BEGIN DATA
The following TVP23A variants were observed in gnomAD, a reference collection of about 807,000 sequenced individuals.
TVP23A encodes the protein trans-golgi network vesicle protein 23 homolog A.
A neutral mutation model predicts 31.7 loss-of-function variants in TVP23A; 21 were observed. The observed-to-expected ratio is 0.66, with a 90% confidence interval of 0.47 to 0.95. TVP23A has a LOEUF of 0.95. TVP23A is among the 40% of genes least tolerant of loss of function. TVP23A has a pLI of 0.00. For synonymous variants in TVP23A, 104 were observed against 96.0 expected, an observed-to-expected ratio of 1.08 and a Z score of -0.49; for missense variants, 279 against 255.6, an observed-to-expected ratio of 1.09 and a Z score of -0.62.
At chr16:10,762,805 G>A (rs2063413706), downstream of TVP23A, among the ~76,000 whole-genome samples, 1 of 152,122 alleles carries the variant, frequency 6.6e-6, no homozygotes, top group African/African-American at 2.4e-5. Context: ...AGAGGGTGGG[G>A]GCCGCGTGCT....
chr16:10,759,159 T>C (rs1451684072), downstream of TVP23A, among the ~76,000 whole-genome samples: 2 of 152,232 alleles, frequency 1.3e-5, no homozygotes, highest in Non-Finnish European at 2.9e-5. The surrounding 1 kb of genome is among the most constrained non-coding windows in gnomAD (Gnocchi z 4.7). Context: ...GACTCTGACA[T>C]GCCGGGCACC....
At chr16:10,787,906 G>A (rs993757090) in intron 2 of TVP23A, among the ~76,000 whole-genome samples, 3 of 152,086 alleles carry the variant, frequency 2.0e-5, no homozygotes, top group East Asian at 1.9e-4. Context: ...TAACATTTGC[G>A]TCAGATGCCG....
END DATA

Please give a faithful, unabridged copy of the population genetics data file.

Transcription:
The following TVP23A variants were observed in gnomAD, a reference collection of about 807,000 sequenced individuals.
TVP23A encodes the protein trans-golgi network vesicle protein 23 homolog A.
A neutral mutation model predicts 31.7 loss-of-function variants in TVP23A; 21 were observed. The observed-to-expected ratio is 0.66, with a 90% confidence interval of 0.47 to 0.95. TVP23A has a LOEUF of 0.95. TVP23A is among the 40% of genes least tolerant of loss of function. TVP23A has a pLI of 0.00. For synonymous variants in TVP23A, 104 were observed against 96.0 expected, an observed-to-expected ratio of 1.08 and a Z score of -0.49; for missense variants, 279 against 255.6, an observed-to-expected ratio of 1.09 and a Z score of -0.62.
At chr16:10,762,805 G>A (rs2063413706), downstream of TVP23A, among the ~76,000 whole-genome samples, 1 of 152,122 alleles carries the variant, frequency 6.6e-6, no homozygotes, top group African/African-American at 2.4e-5. Context: ...AGAGGGTGGG[G>A]GCCGCGTGCT....
chr16:10,759,159 T>C (rs1451684072), downstream of TVP23A, among the ~76,000 whole-genome samples: 2 of 152,232 alleles, frequency 1.3e-5, no homozygotes, highest in Non-Finnish European at 2.9e-5. The surrounding 1 kb of genome is among the most constrained non-coding windows in gnomAD (Gnocchi z 4.7). Context: ...GACTCTGACA[T>C]GCCGGGCACC....
At chr16:10,787,906 G>A (rs993757090) in intron 2 of TVP23A, among the ~76,000 whole-genome samples, 3 of 152,086 alleles carry the variant, frequency 2.0e-5, no homozygotes, top group East Asian at 1.9e-4. Context: ...TAACATTTGC[G>A]TCAGATGCCG....